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Old 06-12-2013, 15:10   #43
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Just to show the OP how all cruisers vary, we are the opposite to those that insist you will need a generator. We don't have one and we have only a very small 6A alternator on one outboard.

99.5% of our energy needs come from solar panels. We use a water maker, multiple computers, 2 fridges but foot pumps for water and muscles on the anchor winch. Typically we are 3 people, but sometimes we are 6. This is for cruising the Caribbean and the Pacific.

So ignore the arrogant assertions of those who insist their way is the only way. There are many ways and you have to find yours in amongst the many.

Buy something cheap, less than a month from purchase to going, and go cruising for a year, then sell it off and get what you really want. That year out there will be more useful than listening to so much BS here (including mine).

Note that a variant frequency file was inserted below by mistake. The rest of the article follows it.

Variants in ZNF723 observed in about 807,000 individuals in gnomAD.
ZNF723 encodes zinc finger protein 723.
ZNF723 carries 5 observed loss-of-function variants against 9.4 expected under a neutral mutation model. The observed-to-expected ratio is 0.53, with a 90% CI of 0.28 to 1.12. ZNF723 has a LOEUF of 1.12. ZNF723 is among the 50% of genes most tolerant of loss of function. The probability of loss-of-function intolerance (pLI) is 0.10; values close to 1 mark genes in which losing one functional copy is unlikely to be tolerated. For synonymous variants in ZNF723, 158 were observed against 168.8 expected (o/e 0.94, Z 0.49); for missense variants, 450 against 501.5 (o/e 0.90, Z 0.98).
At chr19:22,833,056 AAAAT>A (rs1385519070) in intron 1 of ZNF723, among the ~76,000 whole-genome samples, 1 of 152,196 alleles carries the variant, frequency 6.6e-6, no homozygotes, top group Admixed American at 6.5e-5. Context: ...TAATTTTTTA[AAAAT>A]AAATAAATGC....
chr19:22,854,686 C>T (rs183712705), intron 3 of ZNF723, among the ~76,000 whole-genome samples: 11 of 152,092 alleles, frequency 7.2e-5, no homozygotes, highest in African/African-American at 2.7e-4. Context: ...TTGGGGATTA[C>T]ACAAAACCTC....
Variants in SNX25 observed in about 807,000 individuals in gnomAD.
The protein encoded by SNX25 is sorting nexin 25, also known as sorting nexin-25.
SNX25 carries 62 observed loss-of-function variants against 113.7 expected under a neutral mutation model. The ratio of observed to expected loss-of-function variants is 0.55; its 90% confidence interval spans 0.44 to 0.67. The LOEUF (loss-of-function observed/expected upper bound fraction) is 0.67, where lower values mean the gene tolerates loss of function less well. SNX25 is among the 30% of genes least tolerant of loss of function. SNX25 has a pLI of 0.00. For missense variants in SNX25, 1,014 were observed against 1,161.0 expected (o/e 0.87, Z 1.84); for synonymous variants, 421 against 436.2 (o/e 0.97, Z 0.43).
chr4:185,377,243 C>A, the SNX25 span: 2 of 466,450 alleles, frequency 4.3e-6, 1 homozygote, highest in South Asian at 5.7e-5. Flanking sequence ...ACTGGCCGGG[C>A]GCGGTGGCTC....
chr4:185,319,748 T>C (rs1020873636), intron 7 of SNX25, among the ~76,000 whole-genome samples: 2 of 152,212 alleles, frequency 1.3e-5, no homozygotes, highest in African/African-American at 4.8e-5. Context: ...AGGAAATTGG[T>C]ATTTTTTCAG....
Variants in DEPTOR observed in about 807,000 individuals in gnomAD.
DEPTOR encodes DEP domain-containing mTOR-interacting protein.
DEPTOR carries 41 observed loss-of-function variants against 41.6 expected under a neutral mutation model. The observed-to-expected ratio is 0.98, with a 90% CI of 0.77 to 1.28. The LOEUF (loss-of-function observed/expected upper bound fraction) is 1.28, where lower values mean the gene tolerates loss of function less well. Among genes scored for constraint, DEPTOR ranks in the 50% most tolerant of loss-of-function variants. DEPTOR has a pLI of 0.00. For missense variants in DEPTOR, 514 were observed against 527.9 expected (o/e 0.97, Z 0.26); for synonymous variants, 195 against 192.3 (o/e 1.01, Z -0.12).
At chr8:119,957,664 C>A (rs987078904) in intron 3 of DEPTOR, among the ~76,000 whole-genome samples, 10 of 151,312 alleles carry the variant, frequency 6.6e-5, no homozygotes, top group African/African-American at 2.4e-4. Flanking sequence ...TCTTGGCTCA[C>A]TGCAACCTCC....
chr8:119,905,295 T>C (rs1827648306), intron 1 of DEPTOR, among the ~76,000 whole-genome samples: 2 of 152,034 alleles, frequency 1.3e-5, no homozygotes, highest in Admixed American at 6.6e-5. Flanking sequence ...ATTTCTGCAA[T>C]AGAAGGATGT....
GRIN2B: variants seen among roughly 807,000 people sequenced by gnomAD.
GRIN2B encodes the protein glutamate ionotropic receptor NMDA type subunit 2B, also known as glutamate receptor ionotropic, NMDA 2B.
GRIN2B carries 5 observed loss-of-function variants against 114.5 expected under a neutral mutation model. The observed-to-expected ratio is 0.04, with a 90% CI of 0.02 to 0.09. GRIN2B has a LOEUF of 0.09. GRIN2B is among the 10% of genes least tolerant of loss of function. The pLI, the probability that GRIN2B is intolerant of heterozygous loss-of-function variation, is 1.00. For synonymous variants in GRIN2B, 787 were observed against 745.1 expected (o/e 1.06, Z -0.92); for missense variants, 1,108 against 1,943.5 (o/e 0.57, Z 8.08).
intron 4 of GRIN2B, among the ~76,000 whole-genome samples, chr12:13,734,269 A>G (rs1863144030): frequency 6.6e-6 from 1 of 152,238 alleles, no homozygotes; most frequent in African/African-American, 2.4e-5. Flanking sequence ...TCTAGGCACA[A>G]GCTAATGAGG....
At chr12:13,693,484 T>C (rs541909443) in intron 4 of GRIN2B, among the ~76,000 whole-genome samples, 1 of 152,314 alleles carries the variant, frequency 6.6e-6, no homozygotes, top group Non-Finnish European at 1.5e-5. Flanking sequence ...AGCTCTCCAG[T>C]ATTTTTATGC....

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Old 06-12-2013, 15:21   #44
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Re: Beneteau 45f5 for circumnavigation

Just don't take your solar gear to the North Sea, OK ? Everybody knows that's the place where the sun don't shine.
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Old 06-12-2013, 15:23   #45
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Re: Beneteau 45f5 for circumnavigation

Here Here Jimbo! There are as many was to do things as there are boats out there! Just go! You are never "ready" and can never financially justify it (me anyway). Don't listen to the nay sayers, think about your situation, decide what level of risk you can accept, and go! It is getting more expensive and difficult in more places as time moves on. No time like the present!